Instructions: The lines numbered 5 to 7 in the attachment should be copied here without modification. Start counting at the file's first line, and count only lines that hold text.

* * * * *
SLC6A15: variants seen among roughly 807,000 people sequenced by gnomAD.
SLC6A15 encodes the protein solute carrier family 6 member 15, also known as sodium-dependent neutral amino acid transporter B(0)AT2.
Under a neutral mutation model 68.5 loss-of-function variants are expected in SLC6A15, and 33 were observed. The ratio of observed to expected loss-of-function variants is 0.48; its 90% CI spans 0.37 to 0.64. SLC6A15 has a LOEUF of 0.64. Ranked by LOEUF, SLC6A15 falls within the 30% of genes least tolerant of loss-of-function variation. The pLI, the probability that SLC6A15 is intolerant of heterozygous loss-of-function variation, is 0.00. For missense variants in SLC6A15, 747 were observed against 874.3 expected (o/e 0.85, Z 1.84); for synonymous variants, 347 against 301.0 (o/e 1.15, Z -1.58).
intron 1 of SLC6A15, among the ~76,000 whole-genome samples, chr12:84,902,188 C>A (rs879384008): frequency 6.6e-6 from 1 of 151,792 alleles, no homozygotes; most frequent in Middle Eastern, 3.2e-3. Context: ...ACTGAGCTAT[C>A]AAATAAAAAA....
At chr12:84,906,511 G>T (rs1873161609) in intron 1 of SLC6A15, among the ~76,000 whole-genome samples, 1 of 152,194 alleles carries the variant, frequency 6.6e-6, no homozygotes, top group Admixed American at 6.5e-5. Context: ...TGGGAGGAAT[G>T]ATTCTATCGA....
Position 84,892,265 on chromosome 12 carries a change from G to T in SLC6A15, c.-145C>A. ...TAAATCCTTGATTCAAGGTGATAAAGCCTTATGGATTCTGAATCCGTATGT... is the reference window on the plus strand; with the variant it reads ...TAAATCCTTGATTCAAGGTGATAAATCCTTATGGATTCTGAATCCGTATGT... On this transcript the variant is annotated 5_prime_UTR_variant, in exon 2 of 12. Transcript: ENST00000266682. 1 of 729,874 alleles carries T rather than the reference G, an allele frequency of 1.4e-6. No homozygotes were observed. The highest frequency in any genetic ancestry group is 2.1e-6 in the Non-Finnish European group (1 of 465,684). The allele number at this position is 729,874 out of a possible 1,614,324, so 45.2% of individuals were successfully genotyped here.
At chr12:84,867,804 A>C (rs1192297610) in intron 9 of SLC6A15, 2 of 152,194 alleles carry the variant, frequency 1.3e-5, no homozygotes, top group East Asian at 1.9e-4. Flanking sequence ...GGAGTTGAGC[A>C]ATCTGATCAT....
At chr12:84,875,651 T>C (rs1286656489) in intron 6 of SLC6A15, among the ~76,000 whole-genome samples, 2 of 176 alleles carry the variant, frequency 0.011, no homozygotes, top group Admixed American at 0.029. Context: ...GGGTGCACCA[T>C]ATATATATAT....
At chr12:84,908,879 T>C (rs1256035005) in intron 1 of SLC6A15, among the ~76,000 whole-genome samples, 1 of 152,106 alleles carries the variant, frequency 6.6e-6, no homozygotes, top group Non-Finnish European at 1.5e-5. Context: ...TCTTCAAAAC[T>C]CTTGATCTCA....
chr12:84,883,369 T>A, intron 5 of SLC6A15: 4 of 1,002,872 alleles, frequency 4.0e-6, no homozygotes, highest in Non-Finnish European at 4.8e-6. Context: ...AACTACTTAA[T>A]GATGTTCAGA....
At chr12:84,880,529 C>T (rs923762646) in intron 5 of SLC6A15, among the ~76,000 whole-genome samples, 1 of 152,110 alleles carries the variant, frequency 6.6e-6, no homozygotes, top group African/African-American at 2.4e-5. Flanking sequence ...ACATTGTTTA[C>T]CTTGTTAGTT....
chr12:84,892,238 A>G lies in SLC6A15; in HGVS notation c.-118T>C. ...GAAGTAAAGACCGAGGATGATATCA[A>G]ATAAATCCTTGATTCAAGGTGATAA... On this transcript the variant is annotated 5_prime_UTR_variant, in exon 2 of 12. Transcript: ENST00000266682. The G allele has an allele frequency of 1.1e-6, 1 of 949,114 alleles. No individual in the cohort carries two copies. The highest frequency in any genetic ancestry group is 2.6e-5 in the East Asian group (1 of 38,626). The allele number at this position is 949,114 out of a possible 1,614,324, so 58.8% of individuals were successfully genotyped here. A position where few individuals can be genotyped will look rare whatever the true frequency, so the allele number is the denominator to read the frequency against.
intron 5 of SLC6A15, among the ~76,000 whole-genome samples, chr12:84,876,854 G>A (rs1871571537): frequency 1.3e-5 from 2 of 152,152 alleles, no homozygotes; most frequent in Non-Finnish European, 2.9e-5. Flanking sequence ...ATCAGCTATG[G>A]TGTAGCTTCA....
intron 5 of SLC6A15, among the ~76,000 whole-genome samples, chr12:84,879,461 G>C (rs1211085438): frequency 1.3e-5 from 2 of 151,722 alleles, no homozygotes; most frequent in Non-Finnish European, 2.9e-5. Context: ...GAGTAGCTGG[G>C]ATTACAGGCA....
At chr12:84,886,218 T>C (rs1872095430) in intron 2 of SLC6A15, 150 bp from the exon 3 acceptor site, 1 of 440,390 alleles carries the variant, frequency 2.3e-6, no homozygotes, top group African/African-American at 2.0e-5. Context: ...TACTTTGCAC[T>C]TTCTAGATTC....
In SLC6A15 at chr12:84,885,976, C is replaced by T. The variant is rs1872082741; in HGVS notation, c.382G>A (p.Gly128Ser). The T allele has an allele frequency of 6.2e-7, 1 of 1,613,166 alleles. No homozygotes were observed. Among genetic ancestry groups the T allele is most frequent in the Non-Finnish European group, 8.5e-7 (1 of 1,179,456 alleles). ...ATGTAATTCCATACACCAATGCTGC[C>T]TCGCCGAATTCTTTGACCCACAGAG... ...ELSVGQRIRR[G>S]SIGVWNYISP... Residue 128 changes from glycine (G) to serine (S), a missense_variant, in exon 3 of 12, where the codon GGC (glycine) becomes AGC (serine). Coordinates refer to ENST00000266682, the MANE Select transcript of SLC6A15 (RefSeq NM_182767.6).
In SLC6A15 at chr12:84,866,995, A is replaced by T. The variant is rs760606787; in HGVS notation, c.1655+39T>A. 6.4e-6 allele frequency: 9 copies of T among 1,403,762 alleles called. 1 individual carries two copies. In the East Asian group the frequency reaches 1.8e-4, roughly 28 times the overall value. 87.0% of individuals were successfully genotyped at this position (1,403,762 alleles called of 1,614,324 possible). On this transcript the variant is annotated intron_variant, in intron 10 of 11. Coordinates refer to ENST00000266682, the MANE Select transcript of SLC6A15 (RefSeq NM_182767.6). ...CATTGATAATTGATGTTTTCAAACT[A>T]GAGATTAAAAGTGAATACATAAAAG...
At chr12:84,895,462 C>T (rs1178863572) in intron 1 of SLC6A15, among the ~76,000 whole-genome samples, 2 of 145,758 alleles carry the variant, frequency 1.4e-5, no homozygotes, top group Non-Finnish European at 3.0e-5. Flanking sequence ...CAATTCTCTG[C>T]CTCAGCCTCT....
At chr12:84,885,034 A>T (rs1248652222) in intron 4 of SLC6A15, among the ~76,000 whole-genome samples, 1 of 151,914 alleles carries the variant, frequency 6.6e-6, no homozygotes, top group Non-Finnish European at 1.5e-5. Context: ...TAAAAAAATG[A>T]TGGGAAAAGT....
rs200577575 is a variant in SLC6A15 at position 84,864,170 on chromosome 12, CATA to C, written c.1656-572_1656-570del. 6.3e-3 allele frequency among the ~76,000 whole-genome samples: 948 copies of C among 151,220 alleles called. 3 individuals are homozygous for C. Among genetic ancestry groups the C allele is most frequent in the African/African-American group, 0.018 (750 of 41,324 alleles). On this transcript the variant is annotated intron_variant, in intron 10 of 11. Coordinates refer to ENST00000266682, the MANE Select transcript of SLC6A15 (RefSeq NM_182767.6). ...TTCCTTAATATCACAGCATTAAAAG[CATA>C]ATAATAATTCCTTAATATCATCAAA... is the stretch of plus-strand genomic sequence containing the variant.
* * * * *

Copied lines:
At chr12:84,906,511 G>T (rs1873161609) in intron 1 of SLC6A15, among the ~76,000 whole-genome samples, 1 of 152,194 alleles carries the variant, frequency 6.6e-6, no homozygotes, top group Admixed American at 6.5e-5. Context: ...TGGGAGGAAT[G>T]ATTCTATCGA....
Position 84,892,265 on chromosome 12 carries a change from G to T in SLC6A15, c.-145C>A. ...TAAATCCTTGATTCAAGGTGATAAAGCCTTATGGATTCTGAATCCGTATGT... is the reference window on the plus strand; with the variant it reads ...TAAATCCTTGATTCAAGGTGATAAATCCTTATGGATTCTGAATCCGTATGT... On this transcript the variant is annotated 5_prime_UTR_variant, in exon 2 of 12. Transcript: ENST00000266682. 1 of 729,874 alleles carries T rather than the reference G, an allele frequency of 1.4e-6. No homozygotes were observed. The highest frequency in any genetic ancestry group is 2.1e-6 in the Non-Finnish European group (1 of 465,684). The allele number at this position is 729,874 out of a possible 1,614,324, so 45.2% of individuals were successfully genotyped here.
At chr12:84,867,804 A>C (rs1192297610) in intron 9 of SLC6A15, 2 of 152,194 alleles carry the variant, frequency 1.3e-5, no homozygotes, top group East Asian at 1.9e-4. Flanking sequence ...GGAGTTGAGC[A>C]ATCTGATCAT....